Innovation and Adaptation

Physiological Data Collection

By Dan Skinner August 3, 2020


Improving the resilience of individuals is a key goal of every organisation in which physical and psychological performance is paramount to the achievement of organisational goals. The ability to adapt, recover and improve while enduring adversity enables the organisation to thrive.

Within the military sphere, the capacity of individuals, teams and organisations to adapt and thrive in situations of risk, challenge, danger, complexity and adversity [1] enables the organisation to prevail. It can be the difference between victory and defeat [2].

Physiological data collection is an important tool that hereto has been unavailable in a deployable model. Whilst it can have an enormous effect on the development of the physical condition of the combatant, the benefits of its integration and use in the operational context go much broader, and will have a significant effect in almost all contexts relating to the individual in the Operational Lifecycle [3] (Figure 1).


The use of modern data collection systems has been instrumental in changing the face of sport worldwide. Tracking "metres gained", speed, acceleration and impact enables sports teams to analyse and continually improve the performance of the individual and hence the team, with a view to achieving victory in the short, medium and long term, whilst also guarding against injury. Remembering that injuries affect not only the individual but also the team's performance.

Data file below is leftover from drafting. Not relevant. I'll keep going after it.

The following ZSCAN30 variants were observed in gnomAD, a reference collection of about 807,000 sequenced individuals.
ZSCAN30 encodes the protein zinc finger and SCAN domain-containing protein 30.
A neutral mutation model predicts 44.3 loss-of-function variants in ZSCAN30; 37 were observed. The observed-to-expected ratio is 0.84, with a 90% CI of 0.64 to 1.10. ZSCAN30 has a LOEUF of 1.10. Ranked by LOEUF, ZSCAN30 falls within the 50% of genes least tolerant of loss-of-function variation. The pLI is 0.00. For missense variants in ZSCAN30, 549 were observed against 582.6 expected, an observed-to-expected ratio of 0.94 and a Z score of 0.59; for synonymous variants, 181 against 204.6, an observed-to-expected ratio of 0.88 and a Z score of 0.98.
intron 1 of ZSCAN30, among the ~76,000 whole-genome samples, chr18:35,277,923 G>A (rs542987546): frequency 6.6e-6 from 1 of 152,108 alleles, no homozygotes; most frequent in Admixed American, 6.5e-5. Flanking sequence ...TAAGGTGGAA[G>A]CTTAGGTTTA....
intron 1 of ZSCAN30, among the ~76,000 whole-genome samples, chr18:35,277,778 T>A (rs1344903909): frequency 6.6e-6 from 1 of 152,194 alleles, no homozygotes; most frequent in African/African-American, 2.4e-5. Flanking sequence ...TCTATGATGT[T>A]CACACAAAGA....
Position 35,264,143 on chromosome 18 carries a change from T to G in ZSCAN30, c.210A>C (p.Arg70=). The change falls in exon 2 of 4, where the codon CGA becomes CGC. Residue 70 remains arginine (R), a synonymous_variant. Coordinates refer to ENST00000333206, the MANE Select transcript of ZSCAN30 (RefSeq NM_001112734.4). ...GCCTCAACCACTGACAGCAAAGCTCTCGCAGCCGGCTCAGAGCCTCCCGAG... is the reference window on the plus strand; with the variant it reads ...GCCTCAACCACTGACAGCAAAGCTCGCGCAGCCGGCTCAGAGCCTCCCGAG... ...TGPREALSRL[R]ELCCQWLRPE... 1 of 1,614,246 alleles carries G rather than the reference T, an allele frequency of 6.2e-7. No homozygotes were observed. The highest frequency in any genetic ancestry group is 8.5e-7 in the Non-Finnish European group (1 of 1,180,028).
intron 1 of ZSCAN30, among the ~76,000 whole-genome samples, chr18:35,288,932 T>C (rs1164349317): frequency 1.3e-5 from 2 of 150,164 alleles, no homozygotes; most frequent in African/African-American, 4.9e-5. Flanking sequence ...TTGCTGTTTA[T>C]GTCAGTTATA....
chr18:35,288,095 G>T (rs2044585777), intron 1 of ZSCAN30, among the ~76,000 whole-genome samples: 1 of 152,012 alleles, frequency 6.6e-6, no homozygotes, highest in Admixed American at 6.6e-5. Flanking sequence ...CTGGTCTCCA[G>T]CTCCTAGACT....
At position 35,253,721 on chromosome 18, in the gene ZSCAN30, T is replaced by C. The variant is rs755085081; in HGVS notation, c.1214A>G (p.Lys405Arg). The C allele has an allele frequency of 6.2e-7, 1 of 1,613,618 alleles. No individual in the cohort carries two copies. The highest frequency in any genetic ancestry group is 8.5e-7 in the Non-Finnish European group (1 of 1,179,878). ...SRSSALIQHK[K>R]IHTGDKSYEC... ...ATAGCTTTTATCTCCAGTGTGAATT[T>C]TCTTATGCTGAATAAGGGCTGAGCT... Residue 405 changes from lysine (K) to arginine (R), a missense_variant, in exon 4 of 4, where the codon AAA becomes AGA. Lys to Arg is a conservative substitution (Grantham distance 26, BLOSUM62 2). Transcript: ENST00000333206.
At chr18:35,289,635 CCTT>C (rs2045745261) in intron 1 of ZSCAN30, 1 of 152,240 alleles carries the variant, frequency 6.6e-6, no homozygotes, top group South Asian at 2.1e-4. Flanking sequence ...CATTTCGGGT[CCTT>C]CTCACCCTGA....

The Australian National Rugby League (NRL) instituted player trackers in May 2017 using special radio frequency identification devices (RFID), in combination with a number of receivers placed around the stadiums. This was paralleled in the Australian Football League (AFL) at the same time, to record and display player metrics related to speed, acceleration and distance covered. The prime example of this type of system is the SPT GPS® system which is used  by over 1,000 sporting teams worldwide. [4]

Military Application in Conditioning

The devices used to track speed and acceleration in the sporting world have limited application in the development of physical conditioning for the military. Notwithstanding that the sporting applications focus on physical metrics rather than physiological data, their lack of integration into the military communications network severely limits their utility.

The collection of physiological data does however have significant application. For non-operational use this can be effected through the use of standalone devices coupled with applications on tablet computers. For field use, integration into headsets or hearing protection may complete the coverage of users.

The ability to derive data for such individual variables as core body temperature (CBT), heart rate (HR), heart rate variability (HRV), oxygen uptake (VO2), blood pressure (BP) and respiration rate, combined with speed and distance, can be an enormous tool. Collected accurately, and in real time, its application to the development and maintenance of physical conditioning is ground breaking.


Physical conditioning, in the form of physical training, can be monitored and analysed from the moment the individual enters the organisation. Using machine learning and intelligent algorithms to analyse raw data, personal insights into a combatant's physical condition can be developed within all aspects of training.  Personalised insights can then be employed to guide improvements in conditioning. Combined with targeted nutrition analysis (and modification), as well as cognitive analysis, physiological performance analysis complements the operational cycle.